Food Trends During 2018
Food & Beverage Business Review|December-January 2019
Food Trends During 2018

From organic and sustainable food to local and regional delicacies, 2018 has been a huge year for food trends in India’s food service industry.

Sharmila Chand

Millets and grandma recipes has taken centre stage this year as Chefs showcased their love for traditional, and tried to revive the forgotten grains of India.

The focus has been definitely on sourcing local ingredients and preparing seasonal specials, as Chefs worked on experimenting with the season’s best ingredients that may not be available the year round.

Here we talk to some industry experts who gave their views on what are the top food trends of 2018, in the context of India’s food service industry. They also aired what they do not wish to see in the year ahead.

Happening Food Trends

“Quite a few food trends have made a beeline during the year but among them going local is my personal favourite. Going local or ‘go local’ is all about sourcing local ingredients from local farmers and food suppliers, and staying close to the source.

The trend also allows one to explore micro-cuisines within a given cuisine structure, for eg.Konaseema or Rayalseema food within the broader Andhra cuisine structure or Mapala cuisine within Kerala cuisine,” averred Marissa D’Rozario, Food & Beverage Manager, Aloft Bengaluru Cessna Business Park.

“Additionally, exploring local home cooks, who cooks rustic local favourites, handed down by their families, has been quite a prominent trend this year. Exploring rustic buffet wares and service wares for a quintessential rustic yet avant-garde look and feel to the buffet and food presentations has been in vogue,” she added.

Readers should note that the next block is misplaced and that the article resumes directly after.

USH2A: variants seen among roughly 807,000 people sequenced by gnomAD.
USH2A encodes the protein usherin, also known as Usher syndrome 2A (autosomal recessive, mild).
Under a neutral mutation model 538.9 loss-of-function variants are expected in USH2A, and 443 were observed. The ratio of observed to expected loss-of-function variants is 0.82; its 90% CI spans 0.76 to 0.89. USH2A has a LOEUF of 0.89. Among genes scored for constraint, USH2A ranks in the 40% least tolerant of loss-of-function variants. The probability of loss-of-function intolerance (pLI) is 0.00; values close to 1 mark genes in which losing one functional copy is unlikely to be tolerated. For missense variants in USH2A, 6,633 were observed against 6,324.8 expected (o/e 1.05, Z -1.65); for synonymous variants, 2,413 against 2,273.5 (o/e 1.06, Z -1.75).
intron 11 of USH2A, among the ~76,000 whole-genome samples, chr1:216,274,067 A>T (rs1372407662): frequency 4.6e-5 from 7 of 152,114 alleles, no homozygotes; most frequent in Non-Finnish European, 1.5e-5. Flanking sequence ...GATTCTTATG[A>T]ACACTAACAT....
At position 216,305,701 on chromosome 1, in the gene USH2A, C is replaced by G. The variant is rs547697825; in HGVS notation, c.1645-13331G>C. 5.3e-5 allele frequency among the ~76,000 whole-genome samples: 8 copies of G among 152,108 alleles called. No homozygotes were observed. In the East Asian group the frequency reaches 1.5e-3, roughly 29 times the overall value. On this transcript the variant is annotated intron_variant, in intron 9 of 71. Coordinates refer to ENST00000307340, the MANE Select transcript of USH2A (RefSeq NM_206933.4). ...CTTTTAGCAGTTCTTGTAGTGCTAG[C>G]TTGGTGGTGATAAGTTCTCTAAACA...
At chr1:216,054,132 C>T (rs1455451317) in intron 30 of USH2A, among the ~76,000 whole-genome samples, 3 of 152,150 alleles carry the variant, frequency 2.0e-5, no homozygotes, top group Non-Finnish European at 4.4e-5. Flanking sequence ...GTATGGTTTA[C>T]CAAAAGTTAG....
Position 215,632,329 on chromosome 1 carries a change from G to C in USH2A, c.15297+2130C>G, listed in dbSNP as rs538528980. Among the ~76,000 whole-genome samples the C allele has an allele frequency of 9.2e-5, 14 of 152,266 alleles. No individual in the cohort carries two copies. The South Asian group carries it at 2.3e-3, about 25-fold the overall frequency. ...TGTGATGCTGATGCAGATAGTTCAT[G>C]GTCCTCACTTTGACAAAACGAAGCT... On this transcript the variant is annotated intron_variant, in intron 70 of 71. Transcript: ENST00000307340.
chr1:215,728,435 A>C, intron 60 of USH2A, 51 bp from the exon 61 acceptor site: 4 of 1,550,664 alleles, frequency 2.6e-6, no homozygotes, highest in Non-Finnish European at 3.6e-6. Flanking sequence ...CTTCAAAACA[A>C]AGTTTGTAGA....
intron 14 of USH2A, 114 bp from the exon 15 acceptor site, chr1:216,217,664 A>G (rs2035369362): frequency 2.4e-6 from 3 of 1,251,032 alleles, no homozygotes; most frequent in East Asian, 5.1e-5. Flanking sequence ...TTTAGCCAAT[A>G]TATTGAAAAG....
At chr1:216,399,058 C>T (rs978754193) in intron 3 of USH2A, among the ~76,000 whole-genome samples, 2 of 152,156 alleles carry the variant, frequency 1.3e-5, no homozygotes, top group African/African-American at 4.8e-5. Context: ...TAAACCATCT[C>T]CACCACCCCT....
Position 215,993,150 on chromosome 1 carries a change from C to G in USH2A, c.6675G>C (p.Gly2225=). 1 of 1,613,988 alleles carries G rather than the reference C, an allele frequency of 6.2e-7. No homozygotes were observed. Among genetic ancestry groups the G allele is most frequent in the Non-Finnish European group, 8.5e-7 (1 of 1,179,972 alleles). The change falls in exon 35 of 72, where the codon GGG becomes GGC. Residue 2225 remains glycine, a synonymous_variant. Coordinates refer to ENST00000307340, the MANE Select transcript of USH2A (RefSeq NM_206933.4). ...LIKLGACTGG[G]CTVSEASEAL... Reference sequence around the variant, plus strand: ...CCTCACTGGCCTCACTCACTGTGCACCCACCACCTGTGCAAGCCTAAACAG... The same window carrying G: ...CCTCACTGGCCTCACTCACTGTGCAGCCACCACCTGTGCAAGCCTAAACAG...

“This trend in 2018 has been all about showcasing and bringing back the forgotten cuisines. It is also about the nostalgia of reminding us that we have moved away from roots and need to come back to understand and explore it better,” she analysed further.

“Food trends range from new culinary philosophies and innovative approaches to mere fads. As a professional Chef, while one must be cognizant of new F&B trends, the overall potential of such trends must also be gauged and assessed holistically by him/her. I always keep a close watch on innovative ingredients and techniques that could be of practical use to me,” asserted Atul Upadhyay, Executive Sous Chef, Taj Palace, New Delhi.

“2018 has seen the influx of locally sourced ingredients in professional kitchens. Comfort food, healthy bowls and soulful cuisine have been also very popular this year. Also, with social media ruling our lives, Instagram-worthy food has become popular this year,” he opined.


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December-January 2019